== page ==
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Title: Characterisation of engineered nanoparticles and their interaction with natural biological and non-biological material
Author: Taylor, Cameron S.
Awarding Body: University of Oxford
Current Institution: University of Oxford
Date of Award: 2014
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Form, mobility, toxicity and the eventual fate of engineered nanomaterials in environmental ecosystems are currently not well defined and are needed to improve risk assessment and legislation. The present study subjected uncoated zinc oxide (ZnO) nanoparticles (30nm and 200nm) and coated silver (Ag) nanoparticles (Paraffin: 3-8nm and citrate/PVP: 50nm) to different ionic strength media and different types of algal/bacterial extracellular-polymeric species (EPS) at long (6 months) and short (2 weeks) timescales. Changes in particle size distribution and stability were examined using a multi-method approach. Sample concentration and sample polydispersity are important factors when selecting techniques. Uncoated ZnO nanoparticles aggregated heavily in water at high concentrations (1000mg/L). However silver nanoparticles (1-10mg/L) remained stable at all ionic strengths and EPS in this study due to the steric component of their coatings. Nano-toxicological experiments involving cyanobacteria S.leopoliensis and green algae C.reinhardtii showed size-dependent toxicity from coated nanosilver particles. Smaller nanoparticles (3-8nm) showed greater dissolution over 72h and greater toxicity to both species than 50nm particles indicating silver ions are an important toxicity mechanism. Nanoparticle coatings were likely important in controlling dissolution levels. Cell viability and production of reactive oxygen species (ROS) were shown to be important mechanisms of toxicity to phycological species. Species specific effects were noted for both silver nanoparticles. EPS from S.leopoliensis were noted to remove ionic silver from suspension and different types of C.reinhardtii EPS were produced when particles underwent different levels of toxic stress indicating that EPS could both affect particle toxicity and be affected by it. This work has demonstrated that coated nanoparticles could remain stable under various ionic strengths and with exposure to algal organic matter for timescales up to 6 months. This could result in adverse effects to aquatic organisms were they to reach environmental systems and is of concern to nanomaterial risk assessors.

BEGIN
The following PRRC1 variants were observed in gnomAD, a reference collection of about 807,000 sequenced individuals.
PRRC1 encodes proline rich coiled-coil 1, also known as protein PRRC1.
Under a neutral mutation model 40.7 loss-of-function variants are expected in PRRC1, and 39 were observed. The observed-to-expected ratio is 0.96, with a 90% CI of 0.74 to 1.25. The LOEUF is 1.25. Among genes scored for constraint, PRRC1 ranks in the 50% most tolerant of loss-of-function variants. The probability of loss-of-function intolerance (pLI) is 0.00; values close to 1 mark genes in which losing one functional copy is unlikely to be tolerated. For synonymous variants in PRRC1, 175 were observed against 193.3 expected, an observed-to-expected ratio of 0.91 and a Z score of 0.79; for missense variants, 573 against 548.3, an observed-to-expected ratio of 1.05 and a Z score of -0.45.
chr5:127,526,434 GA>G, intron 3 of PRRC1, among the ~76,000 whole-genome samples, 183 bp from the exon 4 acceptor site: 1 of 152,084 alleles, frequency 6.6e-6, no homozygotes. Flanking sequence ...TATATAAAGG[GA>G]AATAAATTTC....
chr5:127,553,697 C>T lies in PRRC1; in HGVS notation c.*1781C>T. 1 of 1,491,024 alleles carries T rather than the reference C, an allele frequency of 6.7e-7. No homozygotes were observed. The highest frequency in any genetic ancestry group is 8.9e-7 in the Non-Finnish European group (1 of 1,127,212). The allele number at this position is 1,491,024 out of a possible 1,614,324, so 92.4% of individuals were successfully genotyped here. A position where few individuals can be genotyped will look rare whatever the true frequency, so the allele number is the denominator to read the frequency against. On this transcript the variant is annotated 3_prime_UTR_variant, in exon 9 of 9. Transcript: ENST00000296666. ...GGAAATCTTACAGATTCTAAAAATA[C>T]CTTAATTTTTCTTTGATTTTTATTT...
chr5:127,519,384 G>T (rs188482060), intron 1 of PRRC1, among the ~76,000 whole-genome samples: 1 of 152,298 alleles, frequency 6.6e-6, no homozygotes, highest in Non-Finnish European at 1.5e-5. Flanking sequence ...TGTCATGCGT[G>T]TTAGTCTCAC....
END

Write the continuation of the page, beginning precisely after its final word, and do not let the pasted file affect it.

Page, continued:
Supervisor: Crossley, Alison; Grovenor, Chris Sponsor: NanoFATE EU project
Qualification Name: Thesis (Ph.D.) Qualification Level: Doctoral
EThOS ID:  DOI: Not available
Keywords: Materials Sciences ; Ecotoxicology Nanoparticle Characterisation Nanoparticle Fate Nanoparticle Toxicity Algae and Cyanobacteria ; Materials ; Stability ; Suspension ; Coatings ; Silver ; Zinc Oxide ; Fate ; Ecotoxicology ; Algae ; Cyanobacteria ; Toxicity ; Reactive Oxygen Species ; Cell Viability ; Extra-cellular Polymeric Species